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London home of couple who escaped slavery in US gets blue plaque

blue plaque

London home of couple who escaped slavery in US gets blue plaque

The London home of slave abolitionists who fled to Britain from the US after escaping slavery in Georgia is to be commemorated in a blue plaque.

Ellen and William Craft are famed for carrying out one of the most ingenious documented escapes in the history of American slavery.

In December 1848, Ellen, the child of a mixed-race slave raped by her white owner, dressed up as a disabled white man and left Georgia, with William posing as an enslaved manservant accompanying his master north for medical treatment.

Stopping first in Philadelphia, then Massachusetts, they were forced to escape the country altogether after Congress passed the fugitive slave bill in 1850, forbidding inhabitants of the “free states” from sheltering formerly enslaved people.

Fearing abduction by the agents of their former enslavers, the Crafts then boarded a ship and made the four-day voyage to England.

They settled in Hammersmith, helping to organise the London Emancipation Society. In 1860, after travelling the UK arguing for freedom for black people and thrilling abolitionist lecture halls with the story of their escape, they published their autobiography, Running a Thousand Miles for Freedom.

A blue plaque commemorating the home in west London where they raised a family and campaigned for social justice has been placed on 26 Cambridge Grove, a mid-Victorian house.

The plaque was proposed by Dr Hannah-Rose Murray, a historian who works on transatlantic abolitionism.

Ellen and William Craft were courageous and heroic freedom fighters whose daring escape from US chattel slavery involved Ellen crossing racial, gender and class lines to perform as a white southern man,” Murray said.

“I’m so excited that English Heritage has built on previous work by historians, archivists and local activists to honour their presence in Hammersmith and the UK in general, and recognise the Crafts’ incredible bravery and impact on transatlantic society.”

English Heritage said only about 4% of the more than 975 blue plaques across London were dedicated to black and Asian people, but that it was working hard to rectify the lack of representation. Over the past two years, a quarter of English Heritage plaques have commemorated black or Asian figures.

“Ellen and William Craft’s story is incredibly powerful,” said Anna Eavis, curatorial director at English Heritage. “They are an important part of the anti-slavery movement and we are delighted to remember them with this plaque.”

After the US civil war and the legal emancipation of black people across the country, the Crafts returned, arriving in Boston in 1869 with three children. In 1873, they set up the Woodville Cooperative Farm School in Bryan County, Georgia, for the children of emancipated slaves.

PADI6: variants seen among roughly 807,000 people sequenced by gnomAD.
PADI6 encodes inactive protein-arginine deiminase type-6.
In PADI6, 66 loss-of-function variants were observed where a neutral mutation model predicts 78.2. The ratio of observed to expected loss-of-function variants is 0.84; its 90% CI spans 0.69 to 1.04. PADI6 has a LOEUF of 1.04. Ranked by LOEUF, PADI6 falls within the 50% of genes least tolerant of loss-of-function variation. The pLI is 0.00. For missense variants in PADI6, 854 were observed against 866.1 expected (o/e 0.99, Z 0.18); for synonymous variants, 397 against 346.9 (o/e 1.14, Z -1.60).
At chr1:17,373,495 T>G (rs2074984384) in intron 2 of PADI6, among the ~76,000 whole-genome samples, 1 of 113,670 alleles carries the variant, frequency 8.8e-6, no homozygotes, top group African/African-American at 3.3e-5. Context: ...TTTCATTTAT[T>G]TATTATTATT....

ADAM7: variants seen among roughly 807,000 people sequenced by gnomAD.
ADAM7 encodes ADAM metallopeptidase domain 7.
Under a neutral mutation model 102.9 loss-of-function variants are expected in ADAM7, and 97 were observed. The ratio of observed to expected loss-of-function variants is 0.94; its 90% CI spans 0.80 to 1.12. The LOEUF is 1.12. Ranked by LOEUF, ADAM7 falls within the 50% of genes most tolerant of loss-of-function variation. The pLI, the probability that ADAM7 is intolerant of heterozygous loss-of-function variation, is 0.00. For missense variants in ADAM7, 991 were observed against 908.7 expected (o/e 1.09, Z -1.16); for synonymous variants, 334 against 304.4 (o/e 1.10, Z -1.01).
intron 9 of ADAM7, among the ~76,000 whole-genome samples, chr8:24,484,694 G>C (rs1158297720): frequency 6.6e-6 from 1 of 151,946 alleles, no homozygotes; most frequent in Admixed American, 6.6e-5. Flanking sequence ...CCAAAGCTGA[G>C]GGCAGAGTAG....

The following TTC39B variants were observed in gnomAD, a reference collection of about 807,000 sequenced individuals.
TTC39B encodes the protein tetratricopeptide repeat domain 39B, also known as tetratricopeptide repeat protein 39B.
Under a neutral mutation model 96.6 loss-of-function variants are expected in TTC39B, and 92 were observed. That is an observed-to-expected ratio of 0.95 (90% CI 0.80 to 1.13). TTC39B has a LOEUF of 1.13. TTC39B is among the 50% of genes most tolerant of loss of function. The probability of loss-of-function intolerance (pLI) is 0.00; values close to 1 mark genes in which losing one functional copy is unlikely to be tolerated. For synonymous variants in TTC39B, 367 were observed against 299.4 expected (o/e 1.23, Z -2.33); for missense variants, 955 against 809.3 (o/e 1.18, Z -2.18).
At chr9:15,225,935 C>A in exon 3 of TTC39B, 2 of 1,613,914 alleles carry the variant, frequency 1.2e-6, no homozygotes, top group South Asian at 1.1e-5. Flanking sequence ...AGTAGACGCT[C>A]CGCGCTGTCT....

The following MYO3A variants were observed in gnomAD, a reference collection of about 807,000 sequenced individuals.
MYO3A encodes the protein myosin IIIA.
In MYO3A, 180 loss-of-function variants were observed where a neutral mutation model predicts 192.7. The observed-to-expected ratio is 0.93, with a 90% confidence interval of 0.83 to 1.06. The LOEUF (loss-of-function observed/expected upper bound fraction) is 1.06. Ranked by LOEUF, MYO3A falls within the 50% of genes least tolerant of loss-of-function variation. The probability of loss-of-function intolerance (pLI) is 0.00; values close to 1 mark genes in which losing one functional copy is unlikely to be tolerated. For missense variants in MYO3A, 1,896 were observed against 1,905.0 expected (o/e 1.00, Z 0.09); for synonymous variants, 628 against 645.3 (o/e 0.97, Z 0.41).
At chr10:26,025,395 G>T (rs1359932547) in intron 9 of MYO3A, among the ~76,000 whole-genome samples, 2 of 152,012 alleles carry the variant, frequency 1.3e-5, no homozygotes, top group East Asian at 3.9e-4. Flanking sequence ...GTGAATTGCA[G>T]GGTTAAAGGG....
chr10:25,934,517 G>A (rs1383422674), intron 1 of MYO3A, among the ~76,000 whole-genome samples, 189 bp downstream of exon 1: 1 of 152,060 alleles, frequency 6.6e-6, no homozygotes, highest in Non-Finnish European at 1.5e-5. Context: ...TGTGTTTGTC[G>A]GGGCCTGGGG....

Ellen is believed to have died in Georgia in 1891. William died in Charleston, South Carolina, in 1900, and was buried in the city.

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Sammie Okposo For Burial December 15

The funeral arrangements for gospel singer, Sammie Okposo, have been released by his family.

The singer died in November 25 aged 51.

The family stated that a tribute night will be held for him on Tuesday, December 13 in Lagos State, followed by a service of songs on Wednesday.

The funeral service for Okposo will take place on December 15 and will be private affair.

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Defend Your Votes At Polling Units- Charly Boy Urges Youths

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“I have told them that the salvation of any country lies in the hands of the exceptional people; these people are the great Nigerian youths.

“They already know their rights, but my call to them is that they should stand and defend those right at the polling boots.

“However, the opposition wants to do it, I know that the boys are ready to give them back what they get. I don’t have chills in that area; all I can do is wish them well and pray for their safety.

“Nigeria is getting dangerous for my liking, and because of years of disunity and inaction, there are some sacrifices that need to be made and we are going to make these sacrifice,” Charly Boy said.

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Burna Boy Wins Big At 2022 MOBO Awards

Famous Nigerian singer and record producer, Damini Ebunoluwa Ogulu, popularly known as Burna Boy, has won two categories of the 2022 Music Of Black Origin (MOBO) awards.

The two categories awards were the Best International Act and the Best African Act.

The award event, which recognises the best black music, was held on Wednesday in London, at Wembley Arena.

The singer was nominated in the Best International Act category alongside Chris Brown, Beyonce, Kendrick Lamar, Jack Harlow, Drake, Summer Walker and Nigerian fast-rising global act, Tems.

Burna also won the Best African Act, beating Asake, Rema, Fireboy, and Omah Lay.

This brings the singer’s MOBO award wins to a total of three following his 2021 win as the Best International Act.

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